Balancing Work And FamilyWritten By: Walter Berry
Article Date: 11-01-2005
Copyright(C) 2008 Associated Equipment Distributors. All Rights Reserved.
Put the big rocks in first.
Is it just me, or do others find it challenging to balance everything that goes on in our lives? How do we decide how much time to spend on work, family, community activity, recreation, etc?
I know it's not easy. I know there's no one answer that fits everyone. And I know that the "balance" is always changing.
I believe that it's hard to get a handle on it unless, as Stephen Covey would say, you "start with the end in mind".
What is your highest priority? Do you work in order to support your family or is the purpose of your family to support your work?
If family is important to you, then you need to set time aside for them. I'm not very successful at that unless I put my family's schedule into my calendar first.
Covey uses an illustration in which he has a bucket, large rock, small rocks, and sand. The bucket represents your calendar and the rocks represent your priorities, larger being a higher priority.
If you put the sand in the bucket first, you will never get the big rocks in. But if you put the big rocks in first, and then add the smaller rocks and then the sand, the smaller items will mold in around the bigger ones.
I've found that if I get my children's school schedule and other activities into my calendar first, I'll have a chance of moving other commitments around. It doesn't mean that I won't have conflicts, but at least I'll have the opportunity to make a few adjustments in advance.
One thing I've done with my children, although I don't do it nearly often enough, is to take them out one at a time, so it's just the two of us.
We'll go to breakfast before school or to dinner once in a while. There's a time to do these things on the spur of the moment, but I've also found that scheduling it in advance can create some anticipation, which is also fun.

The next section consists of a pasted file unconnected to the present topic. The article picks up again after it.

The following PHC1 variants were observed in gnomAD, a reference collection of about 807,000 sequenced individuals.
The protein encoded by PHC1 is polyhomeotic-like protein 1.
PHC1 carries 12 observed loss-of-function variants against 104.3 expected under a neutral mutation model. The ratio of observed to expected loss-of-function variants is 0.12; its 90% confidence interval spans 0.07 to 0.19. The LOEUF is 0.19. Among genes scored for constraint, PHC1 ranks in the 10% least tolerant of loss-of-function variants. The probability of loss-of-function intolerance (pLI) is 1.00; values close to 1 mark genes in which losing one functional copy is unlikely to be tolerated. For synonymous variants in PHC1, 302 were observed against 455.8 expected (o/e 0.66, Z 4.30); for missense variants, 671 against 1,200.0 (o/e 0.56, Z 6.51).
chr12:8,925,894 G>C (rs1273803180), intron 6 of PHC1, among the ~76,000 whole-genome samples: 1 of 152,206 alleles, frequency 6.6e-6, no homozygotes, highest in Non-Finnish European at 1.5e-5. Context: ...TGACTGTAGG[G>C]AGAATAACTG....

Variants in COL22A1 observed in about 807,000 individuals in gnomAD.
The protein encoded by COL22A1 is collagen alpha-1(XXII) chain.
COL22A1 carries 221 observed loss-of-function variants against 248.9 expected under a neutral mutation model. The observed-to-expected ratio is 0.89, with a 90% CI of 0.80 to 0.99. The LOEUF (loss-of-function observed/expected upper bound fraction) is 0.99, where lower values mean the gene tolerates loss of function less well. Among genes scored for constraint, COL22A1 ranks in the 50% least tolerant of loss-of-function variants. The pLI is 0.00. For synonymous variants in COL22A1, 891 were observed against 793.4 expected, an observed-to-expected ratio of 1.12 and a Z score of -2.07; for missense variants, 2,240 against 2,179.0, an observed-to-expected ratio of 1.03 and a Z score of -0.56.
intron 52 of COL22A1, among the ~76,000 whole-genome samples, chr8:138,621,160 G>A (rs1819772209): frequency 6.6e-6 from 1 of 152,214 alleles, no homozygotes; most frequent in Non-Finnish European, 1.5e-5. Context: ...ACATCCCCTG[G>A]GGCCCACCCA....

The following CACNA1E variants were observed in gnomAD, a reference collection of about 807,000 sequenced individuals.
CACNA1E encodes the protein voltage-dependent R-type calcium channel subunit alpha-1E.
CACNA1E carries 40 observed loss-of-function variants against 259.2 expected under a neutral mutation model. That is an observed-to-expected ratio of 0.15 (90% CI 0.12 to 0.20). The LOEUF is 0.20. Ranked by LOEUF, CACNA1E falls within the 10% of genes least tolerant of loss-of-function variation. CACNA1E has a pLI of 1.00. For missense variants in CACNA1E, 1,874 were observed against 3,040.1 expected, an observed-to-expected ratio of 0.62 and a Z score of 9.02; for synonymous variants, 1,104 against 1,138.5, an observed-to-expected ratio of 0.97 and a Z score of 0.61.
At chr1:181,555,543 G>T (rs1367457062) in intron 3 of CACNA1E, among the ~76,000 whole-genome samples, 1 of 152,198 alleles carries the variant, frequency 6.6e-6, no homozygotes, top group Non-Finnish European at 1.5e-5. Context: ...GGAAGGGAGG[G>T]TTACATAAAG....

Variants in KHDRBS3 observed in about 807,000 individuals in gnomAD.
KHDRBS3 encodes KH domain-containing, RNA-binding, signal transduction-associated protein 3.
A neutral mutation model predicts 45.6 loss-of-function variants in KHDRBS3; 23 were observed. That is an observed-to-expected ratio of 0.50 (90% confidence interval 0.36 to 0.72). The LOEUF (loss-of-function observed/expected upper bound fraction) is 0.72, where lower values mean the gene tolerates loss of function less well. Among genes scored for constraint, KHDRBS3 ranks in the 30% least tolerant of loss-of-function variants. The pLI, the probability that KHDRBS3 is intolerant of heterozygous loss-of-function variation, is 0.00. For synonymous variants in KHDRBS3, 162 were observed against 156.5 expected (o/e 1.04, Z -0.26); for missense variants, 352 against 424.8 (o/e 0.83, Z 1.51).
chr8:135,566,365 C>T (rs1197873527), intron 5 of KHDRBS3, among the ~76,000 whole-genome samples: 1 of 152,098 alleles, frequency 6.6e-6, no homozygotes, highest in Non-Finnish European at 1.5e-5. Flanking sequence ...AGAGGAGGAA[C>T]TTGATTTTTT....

I've also found that for me, doing it spur of the moment means not doing it very often. I need to take this same action with my wife. In fact, I think I'll take her to dinner before I let her read this article.
Another thing I know I need to do a better job of is setting family goals. I'll set goals at work, although not enough, but I'll seldom set goals at home. A goal might be as simple as meeting weekly to review each of our schedules. Or it might be as big as planning a significant vacation together.
My youngest son thinks that a summer vacation trip means an AED board meeting. He already knows where we're going next summer. Actually these summer board meetings have been a great way to mix business and pleasure. My family has thoroughly enjoyed the opportunity to get to know others in our industry in a family setting.
Some of the editorials I've written this year, I've written not because I feel like I excel at something, but to remind me that I could do a better job. This is one such editorial.
Whether you have a family or not, it's important to set priorities in your life. I hope you will take the time to figure out what the big rocks should be in your life and then to put them in first.
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